Restaurant Revenue and Goodhart’s Law
When we moved to Ketchum two winters ago, Elizabeth got a job waitressing at a little eight-table local restaurant.
The walls were still blank on her first day of work. They’d only been serving guests for a week.
January 2019 marked the restaurant’s first full month of pumping out pizzas and wine. They went on to do ~3x more “monthly” revenue than we did that same month at Bottle. And we had a three year head start!
If each business was reduced to an Excel sheet comparing only revenue, their “$100k of sales in the first month” narrative would outshine our “5-digit MRR three years in” narrative.
But pizza comes with significant marginal costs: flour, San Marzano’s, mozzarella, cooks, hosts and waiters. There’s a reason I’m happy owning Bottle’s current and future cash flow instead.
Everyone jokes about using revenue as a metric. “What we lose per unit we’ll make up in volume!”
But I’ll bite. For software businesses, revenue is a meaningful metric because costs are fairly fixed and familiar: engineers, ads, and AWS bills. This is why the entire SaaS market has been trading ~10x revenue, independent of vertical.
“Fixed and familiar costs” don’t apply to the newest venture-backed businesses, though. As revenue becomes the ultimate metric, software-enabled companies are hacking top line revenue. It’s Goodhart’s Law.
I saw a tweet by Garry Tan yesterday, sharing Truepill’s latest $25 million round:
“Truepill revenue reached $48 million in 2018 and nearly $100 million in 2019; it could reach an estimated $200 million this year as it pushes further into working with health plans, drugmakers and pharmacy benefit managers.”1
Maybe those revenue numbers are compelling. Maybe the aren’t. I can’t tell because revenue has lost its meaning. It got me thinking about three things:
1. Restaurant Revenue
I propose a new term: Restaurant Revenue. Restaurant Revenue is revenue that comes with real and significant costs. A pizza. A pizza delivery. A short-term tenant inside a long-term lease. A flu shot. A prescription. These things are inherently different than HTTP packets.
Pharmacies in particular come with incredibly high marginal costs.
I used to think Walgreens used Doritos and Coke to lure people in to buy high-margin drugs. It’s actually the other way around. The pharmacy is a loss-leader to get people to come buy toilet paper and razors. Pharmacies are so low-margin that the undisputed king of low-margin is struggling to make drugs profitable. Their rival Target gave up completely.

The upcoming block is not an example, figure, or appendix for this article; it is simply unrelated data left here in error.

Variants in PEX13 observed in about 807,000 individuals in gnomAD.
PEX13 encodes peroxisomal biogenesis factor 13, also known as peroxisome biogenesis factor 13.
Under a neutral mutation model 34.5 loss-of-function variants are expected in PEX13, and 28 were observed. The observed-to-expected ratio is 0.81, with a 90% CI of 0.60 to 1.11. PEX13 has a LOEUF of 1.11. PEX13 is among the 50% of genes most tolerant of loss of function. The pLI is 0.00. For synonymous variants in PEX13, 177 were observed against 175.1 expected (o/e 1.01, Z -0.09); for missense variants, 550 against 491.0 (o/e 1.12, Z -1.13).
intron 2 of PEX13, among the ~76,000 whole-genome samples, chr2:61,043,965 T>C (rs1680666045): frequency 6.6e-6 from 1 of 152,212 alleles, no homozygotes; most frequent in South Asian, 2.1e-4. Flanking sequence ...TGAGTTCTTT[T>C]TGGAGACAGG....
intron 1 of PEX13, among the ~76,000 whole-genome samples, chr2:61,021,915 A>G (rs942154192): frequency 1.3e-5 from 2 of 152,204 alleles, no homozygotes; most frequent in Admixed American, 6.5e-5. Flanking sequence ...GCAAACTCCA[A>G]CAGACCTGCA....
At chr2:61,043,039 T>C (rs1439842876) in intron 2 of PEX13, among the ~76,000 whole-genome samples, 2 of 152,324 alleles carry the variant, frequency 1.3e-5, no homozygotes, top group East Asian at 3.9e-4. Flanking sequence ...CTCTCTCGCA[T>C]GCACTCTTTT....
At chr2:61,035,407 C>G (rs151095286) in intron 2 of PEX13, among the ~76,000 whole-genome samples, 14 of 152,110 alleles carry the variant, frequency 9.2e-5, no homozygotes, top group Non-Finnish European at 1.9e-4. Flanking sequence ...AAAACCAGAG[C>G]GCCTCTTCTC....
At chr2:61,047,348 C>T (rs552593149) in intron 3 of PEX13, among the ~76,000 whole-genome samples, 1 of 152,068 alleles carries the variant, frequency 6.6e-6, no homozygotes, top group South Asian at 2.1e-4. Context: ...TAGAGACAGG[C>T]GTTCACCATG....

Truepill is an API-enabled pharmacy. It’s a great idea. But how much of the $200 million in projected revenue is zero-margin prescription drug revenue?2
If it’s mostly Restaurant Revenue, then it’s a vanity metric.
2. Alpha Revenue
Restaurant Revenue isn’t all bad. Lots of software-enabled companies genuinely reduce costs and induce demand in novel ways.
Thus I propose a second term: Alpha Revenue. Alpha Revenue is the contribution margin that, with a straight face, you can say is added because of software.
Cloud kitchens and Chick-fil-a both sell fried chicken sandwiches. Let’s say a cloud kitchen has trained a robot to hand-batter all the chicken breasts. In doing so, they might knock $0.50 in cost off each chicken sandwich. Alpha Revenue.
Or take Bungalow. They can induce demand from a well-designed website. They can make it easy to split the house and rent by the room. This enables them to turn 3-bedroom houses renting for $3k/mo into 4-bedroom houses renting for $1.2k/room. The Restaurant Revenue is $4.8k/mo, but the Alpha Revenue is $1.8k/mo.
3. Business Models
Eventually, the market will sort the valuations out. But, for any business that lists software engineers in its S1, the market is struggling to discriminate between Restaurant Revenue and Alpha Revenue.
It’s how you end up with an app-driven insurance provider worth $4 billion.
The downstream valuations are having a negative impact on new startups. There’s a pressure to build revenue as fast as possible, Restaurant Revenue or Alpha Revenue be damned.
My friend is starting a women’s hormonal health company. She wants to pair women with PCOS with providers. VC’s are pushing her to “own the entire stack” and bring healthcare providers onto payroll. It’s an easy way to book a lot of top line Restaurant Revenue. She’s wary.
In fact, Truepill just invested in Ahead, a company with full-time therapists on staff ready to provide Telehealth treatment for ADHD, depression, and anxiety. Lots of Restaurant Revenue. Can they produce Alpha Revenue, though?
If Airbnb was raising a Series A today, it’s tough to imagine VC’s not pushing them to “buy the real estate yourselves.” Get the top line revenue to swell, raise the next round, pass off to the public market.
There are better business models than restaurants. Google, Lyft, and Airbnb all invented not only new products, but new business models. Where did all the business model innovation go? I don’t know if it’s a failure of vision or the fact that VC’s got sick of battling independent contractor employment law.
I’ll be curious to see which of these restaurant models end up with enduring Alpha Revenue.
Truepill revenue reached $48 million in 2018 and nearly $100 million in 2019; it could reach an estimated $200 million this year as it pushes further into working with health plans, drugmakers and pharmacy benefit managers.
— Garry Tan (@garrytan) July 8, 2020
Based on known public information, I think Truepill is a fairly capital efficient business. My criticism of revenue as a metric is not a criticism of Truepill as a business.↩